Do You Have To Wear A Cup In Youth Football Coaching T-Ball – Choosing the Right Equipment

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Coaching T-Ball – Choosing the Right Equipment

Spring is well underway, which means T-ball season. One of the most common questions parents and coaches of new players have about purchasing equipment for their teams and their children. We thought it was time to address some of these questions to give you some guidance on how to choose the right equipment for your players.

For those of you who are new coaches and wondering what kind of equipment you expect to receive for your team, your league’s equipment manager will usually contact you and give you instructions on where and when to pick up your team’s equipment. You’ll usually get an equipment bag with a tee, a box of tee-balls for practice and games, 3 to 4 helmets with chin straps, and a tee-ball bat or two. Actual number of items may vary at your league’s discretion.

One piece of safety equipment is the heart guard. This piece of protective gear, when worn properly, prevents a player from serious injury if struck by a batted tee-ball in the chest area around the heart. If the league requires the wearing of a heart guard, every parent or coach must follow this rule. However, if the league does not require a heart guard on eve, I would make sure the parents of your players are aware of this so they can decide if their children should wear it.

Depending on your child’s hand size, glove sizes range from 8 to 11 ½ inches. The size is usually indicated on each glove. A good bench mark is to have your child try on a glove and ask them to squeeze it. If they have trouble closing the glove, it’s probably too big. The glove should also adequately cover the underside of the palm at the beginning of the wrist. Glove manufacturers have made significant improvements over the years to the point that most gloves do not require extensive “breaking in”. “Breaking in” means opening and closing the glove to remove some of its initial stiffness. There’s nothing like the feeling of a broken glove. It is best to always keep the baseball or t-ball in a glove when not in use. The beauty of glove leather is its memory, and by storing the ball in the glove when not in use, the glove pocket takes the shape of the ball.

Most t-ball leagues will provide a t-ball bat, so if parents want to purchase their own bat, I recommend doing so. A T-ball bat has length and weight. To find the right size bat for your child, get your child a bat that they like and hold the bat in their hands (left hand for right-handed batsmen and right hand for left-handed batsmen) with both hand and bat fully gripped. extended and parallel to the ground. The child should hold this position for 30 seconds and if the arms and bat do not sag and lose their parallel position with the ground, then the size is correct for your child. In general, our players always err on the side of light.

Coaches and parents should check their league’s national and local rules to see if there are any restrictions on bats, as some national and local league rules allow only official T-ball bats. Other leagues have no restrictions, therefore, youth league at-bats are allowed. Parents should read the wording on the bat to determine if the bat is a T-ball bat or a youth league bat. Youth league bats are slightly longer and heavier than T-ball bats, and these bats are usually for older kids at the T-ball or coach pitch level. Youth league bats are measured by length to weight difference (eg, a -14.5 youth league bat may measure 28-1/2 inches in length and weigh 14 ounces). Each bat may vary in weight and length.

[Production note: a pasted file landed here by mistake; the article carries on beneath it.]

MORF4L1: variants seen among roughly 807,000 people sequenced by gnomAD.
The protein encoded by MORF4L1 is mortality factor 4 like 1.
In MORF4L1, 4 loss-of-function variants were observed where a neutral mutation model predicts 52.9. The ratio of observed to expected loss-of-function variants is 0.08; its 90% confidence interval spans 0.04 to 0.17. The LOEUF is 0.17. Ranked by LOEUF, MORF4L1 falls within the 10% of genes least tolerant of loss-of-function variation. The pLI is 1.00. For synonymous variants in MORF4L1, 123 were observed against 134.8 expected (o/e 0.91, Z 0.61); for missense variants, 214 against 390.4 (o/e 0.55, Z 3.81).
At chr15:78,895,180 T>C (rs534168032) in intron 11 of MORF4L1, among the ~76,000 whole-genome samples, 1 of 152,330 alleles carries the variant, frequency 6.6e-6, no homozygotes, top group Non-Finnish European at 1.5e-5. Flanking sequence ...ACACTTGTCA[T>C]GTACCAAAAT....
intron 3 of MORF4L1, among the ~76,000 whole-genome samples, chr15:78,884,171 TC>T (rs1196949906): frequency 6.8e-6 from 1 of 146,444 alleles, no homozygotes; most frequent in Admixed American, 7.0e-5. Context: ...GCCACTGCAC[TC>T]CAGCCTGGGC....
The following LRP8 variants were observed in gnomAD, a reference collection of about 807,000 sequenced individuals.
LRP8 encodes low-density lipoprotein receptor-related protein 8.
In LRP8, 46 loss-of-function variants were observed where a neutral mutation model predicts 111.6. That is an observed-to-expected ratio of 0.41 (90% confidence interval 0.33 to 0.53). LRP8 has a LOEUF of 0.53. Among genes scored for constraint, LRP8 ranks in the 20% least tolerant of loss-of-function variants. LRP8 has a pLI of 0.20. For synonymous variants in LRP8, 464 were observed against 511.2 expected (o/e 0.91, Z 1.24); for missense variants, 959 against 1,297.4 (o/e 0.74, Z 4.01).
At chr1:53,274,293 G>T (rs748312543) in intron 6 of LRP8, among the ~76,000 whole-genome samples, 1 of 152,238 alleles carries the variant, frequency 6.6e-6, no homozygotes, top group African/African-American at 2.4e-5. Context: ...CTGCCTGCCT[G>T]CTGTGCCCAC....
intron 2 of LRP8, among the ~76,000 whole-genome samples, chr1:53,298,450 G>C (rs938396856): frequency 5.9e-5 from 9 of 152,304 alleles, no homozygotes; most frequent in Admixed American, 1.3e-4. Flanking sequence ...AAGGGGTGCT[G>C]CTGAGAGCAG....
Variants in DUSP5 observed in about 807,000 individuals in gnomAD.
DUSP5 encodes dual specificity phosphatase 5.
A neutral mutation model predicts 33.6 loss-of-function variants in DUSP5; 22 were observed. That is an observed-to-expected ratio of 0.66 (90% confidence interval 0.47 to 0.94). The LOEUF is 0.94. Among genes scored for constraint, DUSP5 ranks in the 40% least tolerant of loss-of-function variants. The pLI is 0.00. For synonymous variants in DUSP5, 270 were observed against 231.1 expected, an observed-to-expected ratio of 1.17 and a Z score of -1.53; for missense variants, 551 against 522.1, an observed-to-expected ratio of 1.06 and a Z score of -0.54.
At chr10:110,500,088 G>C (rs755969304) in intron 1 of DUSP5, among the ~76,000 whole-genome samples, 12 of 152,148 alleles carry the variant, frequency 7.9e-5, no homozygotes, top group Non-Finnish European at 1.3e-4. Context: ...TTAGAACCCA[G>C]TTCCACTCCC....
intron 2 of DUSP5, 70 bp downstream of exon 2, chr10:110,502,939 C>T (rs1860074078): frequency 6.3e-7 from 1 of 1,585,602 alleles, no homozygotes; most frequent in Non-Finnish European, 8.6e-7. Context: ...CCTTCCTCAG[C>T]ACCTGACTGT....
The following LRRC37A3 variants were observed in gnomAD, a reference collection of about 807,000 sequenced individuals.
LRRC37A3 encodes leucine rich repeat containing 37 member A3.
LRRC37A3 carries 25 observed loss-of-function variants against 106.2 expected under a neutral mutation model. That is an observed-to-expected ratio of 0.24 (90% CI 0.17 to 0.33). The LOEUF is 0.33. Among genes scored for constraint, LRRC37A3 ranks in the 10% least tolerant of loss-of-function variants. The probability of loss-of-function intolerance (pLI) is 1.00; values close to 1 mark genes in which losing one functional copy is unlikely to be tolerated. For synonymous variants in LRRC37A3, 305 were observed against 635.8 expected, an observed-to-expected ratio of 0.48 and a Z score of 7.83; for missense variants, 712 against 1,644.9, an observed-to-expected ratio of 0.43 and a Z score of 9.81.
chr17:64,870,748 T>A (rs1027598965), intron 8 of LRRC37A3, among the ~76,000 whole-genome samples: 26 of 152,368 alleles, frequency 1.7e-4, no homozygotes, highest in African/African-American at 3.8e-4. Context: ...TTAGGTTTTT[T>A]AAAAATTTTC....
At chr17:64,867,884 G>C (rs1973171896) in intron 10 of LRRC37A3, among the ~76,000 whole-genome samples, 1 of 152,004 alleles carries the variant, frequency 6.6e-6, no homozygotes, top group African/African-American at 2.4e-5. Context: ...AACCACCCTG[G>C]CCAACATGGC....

We tell our parents that batting gloves are optional. We would not recommend them at this age as we feel that a player should only use his bare hands to get a feel for the batted ball. When the player coach moves to pitch level, he can experiment with batting gloves, where the batted ball and caught ball have more impact.

Rubber-cleated baseball shoes (never baseball shoes with metal spikes) should be used instead of sneakers to get a better grip on the field while running, batting, and fielding. We want kids to build confidence as they run and make plays, and a wet field without cleated shoes can cause them to slip and fall.

I advise all T-ball players to wear a protective cup. There are protective cups for both boys and girls, each slightly different. Players should get into the habit of wearing protective cups as they may be required or recommended at the next level of play. Check your local and national league rules for information on this protective gear.

Some parents buy batting helmets for their children for hygiene reasons (potential source of hair lice). We recommend batting helmets that can be adjusted to fit players of different ages and head sizes. Batting helmets for girls have a curved diamond-shaped opening at the back of the helmet for their pony tails. Many leagues require helmets to include chin straps. A child reaches the next two levels of play, coach-pitch and kid-pitch, with a wire face guard available to fit on the helmet model you purchase. Fasteners and plastic/metal anchors are supplied with wire face guards for easy installation. Some leagues require these wire face guards when you reach these levels. Check your national and local league rules.

Finally we recommend that you purchase a small equipment bag to store and transport your player’s equipment. Please be sure to write each player’s name in indelible marker on the player’s glove, bat, helmet and batting gloves. Equipment identification makes it easy for players to claim loose equipment after practices and games.

We hope you found this article helpful and we wish you and your kids the best T-Ball experience!

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